Guide to Raising a Charmer
A yearlong guide to your dog's socialization process.
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Babes in Pupland: 2 to 3 Months
Physical Growth: By 8 weeks, most puppies have full sets of baby teeth to enable them to munch easily on commercial dry puppy food. Their motor skills develop at an accelerated pace, as they progress from walking to running, rolling and playful wrestling. By 12 weeks, their neuromuscular system has developed so they are able to control their bladders long enough to urinate outside the nesting area and in an appropriate area outside.
Social Development: The peak time for puppies to learn doggy etiquette actually occurs between ages 4 and 12 weeks, say experts. Everything puppies see, hear, smell and feel will make lasting impressions and impact how they behave and react to situations as adults. During these two months, puppies will be less dependent on their moms and even attempt to challenge her authority. They learn to distinguish familiar people from strangers and realize that not every place is puppy-friendly. They begin to develop problem-solving skills, figuring out that the pantry houses treats and mastering the difficult task of stair climbing.
Pay close attention to your puppy during weeks 8 to 10. Prior to 8 weeks, experts recommend owners desensitize their puppies to potentially frightening sounds such as vacuum cleaners or thunderstorms. Try introducing the vacuum cleaner as no big deal by placing a line of food treats leading up to the appliance while it is off. When it is on, feed your puppy treats within 5 to 10 feet of the vacuum. Play with your puppy, provide plenty of treats and act happy and unconcerned while playing a tape of a thunderstorm. Veterinarians identify this two-week stretch as the fear-imprint stage in puppies. Any experience that is traumatic, scary or painful to a puppy, such as fireworks, an altercation with another dog or an angry person, is likely to make a lasting impression and may affect how it reacts to similar stimuli later on as an adult.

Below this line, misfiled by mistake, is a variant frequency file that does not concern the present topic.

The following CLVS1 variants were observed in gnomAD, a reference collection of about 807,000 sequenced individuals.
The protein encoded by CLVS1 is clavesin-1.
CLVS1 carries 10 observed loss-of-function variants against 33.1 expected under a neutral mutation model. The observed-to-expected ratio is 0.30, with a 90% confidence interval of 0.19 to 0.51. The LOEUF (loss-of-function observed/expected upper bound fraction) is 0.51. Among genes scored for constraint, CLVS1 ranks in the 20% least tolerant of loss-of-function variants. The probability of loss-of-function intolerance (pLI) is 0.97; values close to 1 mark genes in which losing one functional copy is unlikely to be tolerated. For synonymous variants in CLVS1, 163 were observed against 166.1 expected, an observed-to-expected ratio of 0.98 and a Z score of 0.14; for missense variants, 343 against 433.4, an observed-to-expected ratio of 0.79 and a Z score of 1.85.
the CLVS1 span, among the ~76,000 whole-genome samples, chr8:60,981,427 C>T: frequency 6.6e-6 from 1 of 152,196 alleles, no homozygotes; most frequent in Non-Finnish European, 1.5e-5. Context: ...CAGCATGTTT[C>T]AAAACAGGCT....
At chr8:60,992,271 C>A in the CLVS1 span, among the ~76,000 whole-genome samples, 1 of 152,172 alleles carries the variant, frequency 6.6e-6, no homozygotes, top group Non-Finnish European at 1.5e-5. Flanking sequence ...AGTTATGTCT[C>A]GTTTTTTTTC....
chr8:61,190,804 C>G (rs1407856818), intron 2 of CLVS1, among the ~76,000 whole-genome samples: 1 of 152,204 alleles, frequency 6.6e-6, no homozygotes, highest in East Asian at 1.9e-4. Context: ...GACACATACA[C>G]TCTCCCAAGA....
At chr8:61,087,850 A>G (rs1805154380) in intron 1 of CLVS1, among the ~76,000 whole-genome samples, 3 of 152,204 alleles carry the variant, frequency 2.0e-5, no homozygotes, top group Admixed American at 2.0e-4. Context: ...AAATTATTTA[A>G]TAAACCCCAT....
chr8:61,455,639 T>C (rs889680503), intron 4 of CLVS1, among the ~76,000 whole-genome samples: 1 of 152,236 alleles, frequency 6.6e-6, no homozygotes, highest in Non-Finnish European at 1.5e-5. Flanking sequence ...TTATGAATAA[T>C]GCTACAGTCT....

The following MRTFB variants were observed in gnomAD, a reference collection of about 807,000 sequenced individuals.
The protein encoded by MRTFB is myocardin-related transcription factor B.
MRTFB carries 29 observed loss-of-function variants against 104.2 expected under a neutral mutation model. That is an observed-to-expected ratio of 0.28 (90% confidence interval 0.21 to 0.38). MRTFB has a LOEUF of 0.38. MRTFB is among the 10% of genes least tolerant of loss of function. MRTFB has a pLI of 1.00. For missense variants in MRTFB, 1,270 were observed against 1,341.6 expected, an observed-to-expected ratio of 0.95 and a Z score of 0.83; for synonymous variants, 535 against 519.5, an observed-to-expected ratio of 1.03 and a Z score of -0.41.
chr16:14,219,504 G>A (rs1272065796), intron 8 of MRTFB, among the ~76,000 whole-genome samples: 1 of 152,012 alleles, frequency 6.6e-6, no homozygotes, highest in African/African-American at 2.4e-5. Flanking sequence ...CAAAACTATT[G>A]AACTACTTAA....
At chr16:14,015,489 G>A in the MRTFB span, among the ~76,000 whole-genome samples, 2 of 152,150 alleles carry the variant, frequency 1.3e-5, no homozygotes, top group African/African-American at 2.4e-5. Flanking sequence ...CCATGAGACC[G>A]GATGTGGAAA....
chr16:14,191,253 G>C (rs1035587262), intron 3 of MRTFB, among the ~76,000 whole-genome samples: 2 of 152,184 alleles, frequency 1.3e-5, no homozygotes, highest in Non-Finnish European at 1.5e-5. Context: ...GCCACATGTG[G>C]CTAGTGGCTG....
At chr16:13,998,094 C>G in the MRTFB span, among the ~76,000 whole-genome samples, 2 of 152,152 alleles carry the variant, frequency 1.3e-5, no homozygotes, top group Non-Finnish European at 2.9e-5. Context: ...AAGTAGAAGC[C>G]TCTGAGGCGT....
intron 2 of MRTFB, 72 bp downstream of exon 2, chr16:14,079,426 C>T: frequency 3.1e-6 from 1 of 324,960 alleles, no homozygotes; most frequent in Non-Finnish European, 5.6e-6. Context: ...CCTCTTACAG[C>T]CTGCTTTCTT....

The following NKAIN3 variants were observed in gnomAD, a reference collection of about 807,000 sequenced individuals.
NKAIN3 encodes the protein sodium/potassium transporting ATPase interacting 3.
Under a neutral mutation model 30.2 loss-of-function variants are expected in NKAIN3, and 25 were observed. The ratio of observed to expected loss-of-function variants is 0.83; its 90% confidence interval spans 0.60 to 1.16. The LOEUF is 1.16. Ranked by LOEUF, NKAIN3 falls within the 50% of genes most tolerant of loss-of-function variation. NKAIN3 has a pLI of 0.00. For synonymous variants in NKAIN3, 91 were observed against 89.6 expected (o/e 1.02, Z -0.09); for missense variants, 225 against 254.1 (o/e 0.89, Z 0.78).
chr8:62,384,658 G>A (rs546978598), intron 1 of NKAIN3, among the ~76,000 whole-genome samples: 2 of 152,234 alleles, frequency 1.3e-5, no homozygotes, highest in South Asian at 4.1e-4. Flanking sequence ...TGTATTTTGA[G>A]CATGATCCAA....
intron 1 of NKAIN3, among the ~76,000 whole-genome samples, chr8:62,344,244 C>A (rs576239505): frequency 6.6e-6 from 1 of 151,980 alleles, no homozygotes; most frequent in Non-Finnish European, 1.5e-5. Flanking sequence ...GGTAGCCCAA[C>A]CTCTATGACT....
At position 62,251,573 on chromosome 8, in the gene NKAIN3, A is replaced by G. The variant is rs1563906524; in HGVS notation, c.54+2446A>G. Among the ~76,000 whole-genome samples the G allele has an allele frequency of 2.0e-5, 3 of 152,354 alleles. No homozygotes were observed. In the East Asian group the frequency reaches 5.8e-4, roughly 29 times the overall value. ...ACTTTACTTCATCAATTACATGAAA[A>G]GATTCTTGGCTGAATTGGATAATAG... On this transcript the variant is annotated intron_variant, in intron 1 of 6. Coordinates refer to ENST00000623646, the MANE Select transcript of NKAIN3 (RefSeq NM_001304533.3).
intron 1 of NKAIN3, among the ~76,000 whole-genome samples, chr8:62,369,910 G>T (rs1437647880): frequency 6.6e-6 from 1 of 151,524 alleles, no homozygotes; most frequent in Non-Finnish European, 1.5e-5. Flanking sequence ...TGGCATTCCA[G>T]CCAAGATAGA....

Social Skill Tips: Get physical with your puppygently and frequently touch its ears, paws and belly. Examine its mouth. These touches will make trips to the veterinarian's office far less traumatic. Friendly handling also helps reassure your puppy that your hand is a friend, not a foe. Hoist your puppy on top of your washing machine (the slick surface and height resembles a veterinary exam table) and get it used to walking on plastic, metal and shaky surfaces. Expose your puppy to lots of different people, different settings (car rides, a friend's home) and different stimuli (vacuum cleaner noise, kitchen cooking smells and friendly older dogs). Introduce desirable behavioral habits, such as basic commands, and positive reinforcement, using praise and treats, to your willing puppy pupil.
Lots of permanent learning takes place through interactive play with littermates, mom and people that can make a lasting impression. Enroll your puppy (up to date on all its necessary vaccinations) in a puppy kindergarten class at age 10 to 12 weeks to further hone its social development and learning. Begin teaching your eager-to-greet-by-leaping puppy to go into the sit stance when approached by someone. A 10-pound puppy that jumps at you may be cute, but it can grow into a 60-pound adult that will literally knock you over with its jump greeting.
Next Step: Juvenile Stage: 3 to 6 MonthsPage 1 | 2 | 3 | 4 | 5 | 6
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